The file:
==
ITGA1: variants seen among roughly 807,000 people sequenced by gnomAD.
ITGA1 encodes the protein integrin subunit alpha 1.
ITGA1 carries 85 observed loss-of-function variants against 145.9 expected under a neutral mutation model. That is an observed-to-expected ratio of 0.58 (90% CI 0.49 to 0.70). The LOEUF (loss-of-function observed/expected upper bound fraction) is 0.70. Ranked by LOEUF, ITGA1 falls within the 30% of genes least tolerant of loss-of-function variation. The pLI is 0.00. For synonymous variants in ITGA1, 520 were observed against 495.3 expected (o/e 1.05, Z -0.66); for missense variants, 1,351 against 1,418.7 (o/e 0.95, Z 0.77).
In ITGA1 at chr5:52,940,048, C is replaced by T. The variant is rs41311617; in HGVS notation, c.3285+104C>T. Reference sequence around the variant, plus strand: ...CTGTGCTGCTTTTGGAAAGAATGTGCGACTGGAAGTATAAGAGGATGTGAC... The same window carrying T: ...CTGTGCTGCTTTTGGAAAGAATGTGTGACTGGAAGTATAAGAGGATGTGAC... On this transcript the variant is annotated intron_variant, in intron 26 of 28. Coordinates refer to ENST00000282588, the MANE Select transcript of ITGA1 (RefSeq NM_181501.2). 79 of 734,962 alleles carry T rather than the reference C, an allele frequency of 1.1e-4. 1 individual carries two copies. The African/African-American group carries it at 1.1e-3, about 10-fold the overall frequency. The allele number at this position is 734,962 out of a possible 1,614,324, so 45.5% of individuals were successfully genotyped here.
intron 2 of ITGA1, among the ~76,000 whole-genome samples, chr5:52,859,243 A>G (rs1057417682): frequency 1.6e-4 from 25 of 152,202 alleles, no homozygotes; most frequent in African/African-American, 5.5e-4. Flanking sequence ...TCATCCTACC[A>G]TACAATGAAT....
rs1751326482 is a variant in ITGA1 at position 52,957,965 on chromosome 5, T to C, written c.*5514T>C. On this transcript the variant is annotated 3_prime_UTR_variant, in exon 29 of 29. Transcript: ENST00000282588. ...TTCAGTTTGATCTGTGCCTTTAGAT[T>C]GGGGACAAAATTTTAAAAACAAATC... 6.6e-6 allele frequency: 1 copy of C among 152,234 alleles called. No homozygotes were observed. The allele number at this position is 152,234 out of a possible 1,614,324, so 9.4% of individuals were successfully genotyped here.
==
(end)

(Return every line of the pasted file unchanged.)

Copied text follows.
ITGA1: variants seen among roughly 807,000 people sequenced by gnomAD.
ITGA1 encodes the protein integrin subunit alpha 1.
ITGA1 carries 85 observed loss-of-function variants against 145.9 expected under a neutral mutation model. That is an observed-to-expected ratio of 0.58 (90% CI 0.49 to 0.70). The LOEUF (loss-of-function observed/expected upper bound fraction) is 0.70. Ranked by LOEUF, ITGA1 falls within the 30% of genes least tolerant of loss-of-function variation. The pLI is 0.00. For synonymous variants in ITGA1, 520 were observed against 495.3 expected (o/e 1.05, Z -0.66); for missense variants, 1,351 against 1,418.7 (o/e 0.95, Z 0.77).
In ITGA1 at chr5:52,940,048, C is replaced by T. The variant is rs41311617; in HGVS notation, c.3285+104C>T. Reference sequence around the variant, plus strand: ...CTGTGCTGCTTTTGGAAAGAATGTGCGACTGGAAGTATAAGAGGATGTGAC... The same window carrying T: ...CTGTGCTGCTTTTGGAAAGAATGTGTGACTGGAAGTATAAGAGGATGTGAC... On this transcript the variant is annotated intron_variant, in intron 26 of 28. Coordinates refer to ENST00000282588, the MANE Select transcript of ITGA1 (RefSeq NM_181501.2). 79 of 734,962 alleles carry T rather than the reference C, an allele frequency of 1.1e-4. 1 individual carries two copies. The African/African-American group carries it at 1.1e-3, about 10-fold the overall frequency. The allele number at this position is 734,962 out of a possible 1,614,324, so 45.5% of individuals were successfully genotyped here.
intron 2 of ITGA1, among the ~76,000 whole-genome samples, chr5:52,859,243 A>G (rs1057417682): frequency 1.6e-4 from 25 of 152,202 alleles, no homozygotes; most frequent in African/African-American, 5.5e-4. Flanking sequence ...TCATCCTACC[A>G]TACAATGAAT....
rs1751326482 is a variant in ITGA1 at position 52,957,965 on chromosome 5, T to C, written c.*5514T>C. On this transcript the variant is annotated 3_prime_UTR_variant, in exon 29 of 29. Transcript: ENST00000282588. ...TTCAGTTTGATCTGTGCCTTTAGAT[T>C]GGGGACAAAATTTTAAAAACAAATC... 6.6e-6 allele frequency: 1 copy of C among 152,234 alleles called. No homozygotes were observed. The allele number at this position is 152,234 out of a possible 1,614,324, so 9.4% of individuals were successfully genotyped here.